American Heart Association warns against coconut oil

American Heart Association warns against coconut oil

A new study shows that coconut oil isn’t as healthy as many believed it was.

According to the AHA, 82 per cent of the fat in coconut oil is saturated, which is more than in butter (63 per cent), beef fat (50 per cent) and pork lard (39 per cent).

Today.com reported that The Heart Association “said polyunsaturated fats appear to lower the risk of heart disease the most, followed by monounsaturated fats” and that the association and American College of Cardiology “advise anyone with questionable cholesterol readings to get saturated fat down to just 5 percent of total calories”.

That’s why coconut oil received a lot of attention in the report, which is an overall review of the role dietary fats take on in reducing heart disease. Past weight loss studies might be responsible.

In an advisory, the AHA said that people should limit the amount of saturated fat they consume, replacing some of it with unsaturated vegetable oils, such as olive oil and sunflower oil.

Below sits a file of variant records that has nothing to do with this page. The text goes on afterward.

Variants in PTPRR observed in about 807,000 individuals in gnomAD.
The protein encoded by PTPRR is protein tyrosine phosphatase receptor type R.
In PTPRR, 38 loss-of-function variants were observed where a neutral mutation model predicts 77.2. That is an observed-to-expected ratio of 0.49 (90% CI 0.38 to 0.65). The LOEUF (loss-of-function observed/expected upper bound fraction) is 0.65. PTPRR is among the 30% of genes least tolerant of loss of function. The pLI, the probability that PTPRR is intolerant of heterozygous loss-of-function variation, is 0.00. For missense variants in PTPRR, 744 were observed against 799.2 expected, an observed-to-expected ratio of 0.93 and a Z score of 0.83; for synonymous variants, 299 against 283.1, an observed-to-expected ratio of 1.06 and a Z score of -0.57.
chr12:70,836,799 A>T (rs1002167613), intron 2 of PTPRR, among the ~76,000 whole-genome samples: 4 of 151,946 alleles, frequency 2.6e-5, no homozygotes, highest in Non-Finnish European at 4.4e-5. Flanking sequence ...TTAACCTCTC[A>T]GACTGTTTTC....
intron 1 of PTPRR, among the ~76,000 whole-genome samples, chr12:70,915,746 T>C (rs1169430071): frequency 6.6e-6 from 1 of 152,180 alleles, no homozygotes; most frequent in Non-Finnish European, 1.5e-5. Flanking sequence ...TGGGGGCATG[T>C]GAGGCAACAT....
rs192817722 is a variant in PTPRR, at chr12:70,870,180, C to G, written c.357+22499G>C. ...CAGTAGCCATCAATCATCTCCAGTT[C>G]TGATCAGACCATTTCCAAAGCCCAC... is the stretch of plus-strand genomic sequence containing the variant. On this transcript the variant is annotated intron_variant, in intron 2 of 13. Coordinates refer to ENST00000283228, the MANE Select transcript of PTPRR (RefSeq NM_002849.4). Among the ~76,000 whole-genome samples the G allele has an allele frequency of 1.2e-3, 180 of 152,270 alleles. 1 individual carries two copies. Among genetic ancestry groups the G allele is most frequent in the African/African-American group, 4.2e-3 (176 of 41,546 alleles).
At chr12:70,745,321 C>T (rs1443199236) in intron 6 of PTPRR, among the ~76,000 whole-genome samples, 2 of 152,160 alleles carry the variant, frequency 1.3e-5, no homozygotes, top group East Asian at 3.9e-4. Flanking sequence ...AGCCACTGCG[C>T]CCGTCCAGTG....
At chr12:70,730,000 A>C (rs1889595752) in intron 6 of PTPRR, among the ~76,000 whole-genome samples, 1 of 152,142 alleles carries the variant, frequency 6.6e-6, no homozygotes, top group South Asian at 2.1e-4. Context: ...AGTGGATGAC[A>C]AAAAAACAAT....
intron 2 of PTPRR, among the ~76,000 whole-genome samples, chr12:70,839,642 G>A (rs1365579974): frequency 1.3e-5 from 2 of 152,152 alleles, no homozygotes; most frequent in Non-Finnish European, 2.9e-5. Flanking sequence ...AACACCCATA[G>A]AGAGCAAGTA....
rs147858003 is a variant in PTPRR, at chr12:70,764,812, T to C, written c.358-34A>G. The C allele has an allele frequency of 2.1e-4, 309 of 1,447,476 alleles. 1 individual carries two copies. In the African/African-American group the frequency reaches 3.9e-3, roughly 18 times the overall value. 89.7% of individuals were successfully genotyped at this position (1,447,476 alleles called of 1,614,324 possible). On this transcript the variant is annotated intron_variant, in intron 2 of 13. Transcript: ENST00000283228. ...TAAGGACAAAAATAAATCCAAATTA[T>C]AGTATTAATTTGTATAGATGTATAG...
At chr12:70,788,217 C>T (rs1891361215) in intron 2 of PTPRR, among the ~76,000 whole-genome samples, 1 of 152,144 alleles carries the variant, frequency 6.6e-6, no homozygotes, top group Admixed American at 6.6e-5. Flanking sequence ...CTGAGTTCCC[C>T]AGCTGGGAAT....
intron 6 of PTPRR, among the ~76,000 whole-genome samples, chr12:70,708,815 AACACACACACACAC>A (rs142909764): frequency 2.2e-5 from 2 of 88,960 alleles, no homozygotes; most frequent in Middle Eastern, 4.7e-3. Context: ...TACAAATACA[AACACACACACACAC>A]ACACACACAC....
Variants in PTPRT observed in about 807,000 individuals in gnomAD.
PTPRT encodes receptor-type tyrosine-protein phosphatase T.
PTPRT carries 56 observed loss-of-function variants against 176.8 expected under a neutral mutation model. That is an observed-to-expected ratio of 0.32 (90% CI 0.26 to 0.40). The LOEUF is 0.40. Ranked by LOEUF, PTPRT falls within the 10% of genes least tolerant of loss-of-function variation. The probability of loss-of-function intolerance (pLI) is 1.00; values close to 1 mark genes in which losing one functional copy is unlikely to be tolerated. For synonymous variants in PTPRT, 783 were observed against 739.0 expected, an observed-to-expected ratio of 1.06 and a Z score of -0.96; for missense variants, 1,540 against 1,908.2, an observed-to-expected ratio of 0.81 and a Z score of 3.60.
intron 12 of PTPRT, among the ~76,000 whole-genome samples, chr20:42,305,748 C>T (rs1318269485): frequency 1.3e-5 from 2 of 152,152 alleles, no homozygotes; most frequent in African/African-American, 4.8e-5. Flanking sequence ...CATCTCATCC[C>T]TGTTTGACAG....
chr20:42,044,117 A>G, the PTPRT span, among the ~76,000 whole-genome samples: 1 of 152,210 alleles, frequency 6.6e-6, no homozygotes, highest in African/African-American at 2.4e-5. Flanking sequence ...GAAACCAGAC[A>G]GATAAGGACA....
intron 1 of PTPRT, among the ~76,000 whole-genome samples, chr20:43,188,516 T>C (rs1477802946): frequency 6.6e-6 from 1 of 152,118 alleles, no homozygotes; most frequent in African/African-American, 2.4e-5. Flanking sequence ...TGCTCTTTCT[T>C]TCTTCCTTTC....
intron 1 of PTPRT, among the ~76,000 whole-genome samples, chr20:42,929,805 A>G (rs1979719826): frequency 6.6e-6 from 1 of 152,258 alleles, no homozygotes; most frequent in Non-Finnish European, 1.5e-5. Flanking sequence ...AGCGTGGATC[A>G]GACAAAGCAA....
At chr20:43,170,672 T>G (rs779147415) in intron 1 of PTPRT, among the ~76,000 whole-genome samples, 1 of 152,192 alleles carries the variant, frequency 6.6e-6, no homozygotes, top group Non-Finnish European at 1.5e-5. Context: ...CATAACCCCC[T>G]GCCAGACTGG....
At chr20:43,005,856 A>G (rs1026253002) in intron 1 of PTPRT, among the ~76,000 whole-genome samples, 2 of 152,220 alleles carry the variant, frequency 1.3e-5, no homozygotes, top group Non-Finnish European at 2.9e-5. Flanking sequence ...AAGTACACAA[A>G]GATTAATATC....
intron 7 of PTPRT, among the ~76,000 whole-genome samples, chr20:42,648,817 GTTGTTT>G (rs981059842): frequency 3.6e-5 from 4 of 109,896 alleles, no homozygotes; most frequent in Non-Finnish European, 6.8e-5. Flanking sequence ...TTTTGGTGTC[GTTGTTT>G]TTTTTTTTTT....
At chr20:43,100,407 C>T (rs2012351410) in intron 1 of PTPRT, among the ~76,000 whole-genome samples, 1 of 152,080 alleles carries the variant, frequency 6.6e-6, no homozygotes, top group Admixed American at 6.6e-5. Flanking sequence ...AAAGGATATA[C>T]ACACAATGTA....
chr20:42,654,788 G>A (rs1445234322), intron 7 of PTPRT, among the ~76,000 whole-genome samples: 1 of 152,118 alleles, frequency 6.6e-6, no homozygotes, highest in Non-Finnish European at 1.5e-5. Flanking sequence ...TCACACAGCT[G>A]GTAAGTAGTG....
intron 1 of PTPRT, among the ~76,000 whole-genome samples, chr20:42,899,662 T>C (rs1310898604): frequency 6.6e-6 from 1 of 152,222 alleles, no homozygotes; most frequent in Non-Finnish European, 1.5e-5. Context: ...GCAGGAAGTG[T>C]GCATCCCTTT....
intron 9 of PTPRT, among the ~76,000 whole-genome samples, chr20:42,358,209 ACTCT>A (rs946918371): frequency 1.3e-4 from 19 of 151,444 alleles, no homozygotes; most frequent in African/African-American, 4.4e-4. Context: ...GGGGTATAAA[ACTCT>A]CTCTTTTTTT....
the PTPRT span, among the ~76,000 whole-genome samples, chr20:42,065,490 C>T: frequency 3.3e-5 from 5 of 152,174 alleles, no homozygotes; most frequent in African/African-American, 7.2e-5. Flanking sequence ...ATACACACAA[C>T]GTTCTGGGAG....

“The reason coconut oil is so popular for weight loss is partly due to my research on medium chain triglycerides”, Marie-Pierre St-Onge, associate professor of nutritional medicine at Cornell University Medical School, told TIME in April.

The debate on saturated fats has been going on for years.

Sacks seems to agree with Katz, suggesting Americans limit but not eliminate saturated fats from their diets. Also, some fat is important to help bodies absorb nutrients from other foods.

One benefit the study did point about coconut oil is that it is a holy grail for hair and skin care.

“You can put it on your body, but don’t put it in your body”, Sacks wrote.